The seas were rough; however, that didn’t keep a cruise ship from leaving port that morning, so we watched as it moved north past the point. All the boats in the marina had been well secured, and the surge gate had been put into place at the breakwater for the marina. The surge gate is a string of tires on their rims that are chained together. It really helped to dampen the waves entering the harbor.
When we arrived back at the boat, we decided that the winds inside the marina were at about 20 knots so the marina basin was very well protected from the wind and waves, especially since they were not coming from the west. The rest of the day was pretty benign, and by Wednesday the weather had cleared up considerably. By Thursday we were undoing all our cyclone preparations and returning the boat to normal.
We have worked with another couple to schedule a party this evening for the yard workers who put in so much effort to make the boats secure. The cruisers paid for the meat, the kava, and two side dishes. The yacht club made the two side dishes for us, and they let us use their barbeque facilities.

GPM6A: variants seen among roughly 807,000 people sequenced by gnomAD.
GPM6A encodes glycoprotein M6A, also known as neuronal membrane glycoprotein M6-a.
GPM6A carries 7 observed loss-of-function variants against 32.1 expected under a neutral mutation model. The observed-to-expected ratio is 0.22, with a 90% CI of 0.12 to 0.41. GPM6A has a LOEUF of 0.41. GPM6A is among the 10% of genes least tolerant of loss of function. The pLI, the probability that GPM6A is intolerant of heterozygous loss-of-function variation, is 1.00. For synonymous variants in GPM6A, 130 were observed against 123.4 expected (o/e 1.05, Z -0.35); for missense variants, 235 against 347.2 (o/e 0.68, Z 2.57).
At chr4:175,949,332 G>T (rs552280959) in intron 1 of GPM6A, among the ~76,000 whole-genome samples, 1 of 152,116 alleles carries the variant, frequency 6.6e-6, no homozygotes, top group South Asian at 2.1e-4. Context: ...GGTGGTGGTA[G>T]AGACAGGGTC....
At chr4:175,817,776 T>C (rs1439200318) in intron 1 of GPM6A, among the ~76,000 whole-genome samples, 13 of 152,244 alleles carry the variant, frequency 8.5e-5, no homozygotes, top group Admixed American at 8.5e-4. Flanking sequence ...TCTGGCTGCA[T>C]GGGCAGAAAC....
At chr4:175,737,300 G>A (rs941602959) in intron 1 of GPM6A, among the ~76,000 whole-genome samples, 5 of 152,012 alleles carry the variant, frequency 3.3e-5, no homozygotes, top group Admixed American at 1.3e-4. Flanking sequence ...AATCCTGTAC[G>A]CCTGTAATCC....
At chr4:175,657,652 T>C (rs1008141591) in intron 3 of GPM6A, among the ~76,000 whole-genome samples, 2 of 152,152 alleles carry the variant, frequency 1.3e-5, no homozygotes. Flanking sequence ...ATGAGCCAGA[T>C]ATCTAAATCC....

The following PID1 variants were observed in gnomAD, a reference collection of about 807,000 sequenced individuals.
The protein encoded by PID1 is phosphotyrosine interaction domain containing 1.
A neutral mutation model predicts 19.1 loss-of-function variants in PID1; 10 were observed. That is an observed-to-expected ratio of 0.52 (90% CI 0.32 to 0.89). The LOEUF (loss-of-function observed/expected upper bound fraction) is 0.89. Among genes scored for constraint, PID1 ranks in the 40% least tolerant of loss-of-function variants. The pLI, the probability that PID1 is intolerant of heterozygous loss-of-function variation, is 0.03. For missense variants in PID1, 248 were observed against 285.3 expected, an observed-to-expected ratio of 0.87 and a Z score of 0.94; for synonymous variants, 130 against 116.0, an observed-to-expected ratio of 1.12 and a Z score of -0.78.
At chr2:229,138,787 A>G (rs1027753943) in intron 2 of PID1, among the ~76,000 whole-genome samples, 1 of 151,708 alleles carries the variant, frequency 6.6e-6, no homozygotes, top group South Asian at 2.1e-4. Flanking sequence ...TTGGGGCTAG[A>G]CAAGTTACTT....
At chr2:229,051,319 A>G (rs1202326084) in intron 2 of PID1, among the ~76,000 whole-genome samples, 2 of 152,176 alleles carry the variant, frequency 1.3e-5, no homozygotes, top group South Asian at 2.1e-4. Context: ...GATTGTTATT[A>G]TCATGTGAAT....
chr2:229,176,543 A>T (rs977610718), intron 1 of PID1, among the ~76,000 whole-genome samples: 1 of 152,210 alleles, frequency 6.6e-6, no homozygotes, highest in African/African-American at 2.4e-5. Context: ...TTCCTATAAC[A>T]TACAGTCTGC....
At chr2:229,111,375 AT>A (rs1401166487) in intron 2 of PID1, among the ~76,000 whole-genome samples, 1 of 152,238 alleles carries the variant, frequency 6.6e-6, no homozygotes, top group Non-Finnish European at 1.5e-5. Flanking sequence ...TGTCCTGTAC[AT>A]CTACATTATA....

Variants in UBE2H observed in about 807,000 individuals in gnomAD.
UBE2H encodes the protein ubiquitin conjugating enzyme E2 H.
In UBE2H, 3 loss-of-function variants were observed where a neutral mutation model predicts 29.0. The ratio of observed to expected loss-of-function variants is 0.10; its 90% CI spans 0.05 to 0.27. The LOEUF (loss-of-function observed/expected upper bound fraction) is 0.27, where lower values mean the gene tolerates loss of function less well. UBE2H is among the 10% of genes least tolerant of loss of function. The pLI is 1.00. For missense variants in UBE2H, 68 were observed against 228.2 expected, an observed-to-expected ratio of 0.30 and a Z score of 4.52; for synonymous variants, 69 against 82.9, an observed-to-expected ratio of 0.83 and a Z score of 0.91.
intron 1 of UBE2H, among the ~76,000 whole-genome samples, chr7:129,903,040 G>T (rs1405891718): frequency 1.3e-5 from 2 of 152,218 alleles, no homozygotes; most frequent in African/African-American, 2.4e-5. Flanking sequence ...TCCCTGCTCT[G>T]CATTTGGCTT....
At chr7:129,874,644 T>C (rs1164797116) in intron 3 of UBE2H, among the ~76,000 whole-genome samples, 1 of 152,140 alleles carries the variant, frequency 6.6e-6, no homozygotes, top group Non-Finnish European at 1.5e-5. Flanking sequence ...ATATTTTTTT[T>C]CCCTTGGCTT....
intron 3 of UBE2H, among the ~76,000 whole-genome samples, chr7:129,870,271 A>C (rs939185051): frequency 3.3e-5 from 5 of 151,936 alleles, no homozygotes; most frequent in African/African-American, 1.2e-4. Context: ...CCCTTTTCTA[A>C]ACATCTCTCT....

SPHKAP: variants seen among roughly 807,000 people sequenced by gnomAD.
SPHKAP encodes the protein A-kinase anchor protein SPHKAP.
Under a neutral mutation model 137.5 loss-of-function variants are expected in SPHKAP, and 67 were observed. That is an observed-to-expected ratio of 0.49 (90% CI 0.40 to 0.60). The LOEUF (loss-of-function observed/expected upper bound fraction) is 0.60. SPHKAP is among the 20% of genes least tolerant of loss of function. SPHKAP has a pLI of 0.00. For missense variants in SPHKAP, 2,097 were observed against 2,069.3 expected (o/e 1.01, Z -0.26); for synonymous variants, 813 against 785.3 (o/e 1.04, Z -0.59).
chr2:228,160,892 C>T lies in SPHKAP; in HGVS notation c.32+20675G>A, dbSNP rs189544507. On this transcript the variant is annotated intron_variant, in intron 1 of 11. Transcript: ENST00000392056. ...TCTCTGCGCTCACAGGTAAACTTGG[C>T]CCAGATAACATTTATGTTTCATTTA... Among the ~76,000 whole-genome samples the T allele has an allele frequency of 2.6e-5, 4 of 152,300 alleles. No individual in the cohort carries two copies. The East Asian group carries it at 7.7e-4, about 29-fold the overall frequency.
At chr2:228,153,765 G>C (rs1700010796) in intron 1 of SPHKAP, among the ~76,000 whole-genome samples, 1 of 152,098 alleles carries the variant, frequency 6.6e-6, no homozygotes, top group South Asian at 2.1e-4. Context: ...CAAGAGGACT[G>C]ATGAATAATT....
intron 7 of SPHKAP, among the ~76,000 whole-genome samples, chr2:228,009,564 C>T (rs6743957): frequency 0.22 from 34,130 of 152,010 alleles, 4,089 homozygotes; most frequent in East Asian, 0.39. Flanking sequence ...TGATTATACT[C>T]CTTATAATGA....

We had a good turnout, and some of the workers brought some family members. Peter from sv Nightcap made kava. The kava bowl was an old float with the top cut off. The top then became the bottom to hold the bowl in place. Steve did the cooking on the barbeque—lamb chops, pork chops, and bangors (sausages). Several of us ladies baked desserts so there good food for all. It did rain a bit during the meal; however, that never stopped anyone from eating or drinking kava. We all expressed our thanks for them, and everyone went away full. Some went away a bit tipsy from the kava.
We will leave for Musket Cove tomorrow so that we can get a break from the heat here in Vuda. The forecast looks good for awhile, and Musket is only two hours away, so we can come back here if the weather turns ugly. I plan to post blogs every couple of weeks until we leave Fiji around the first of May.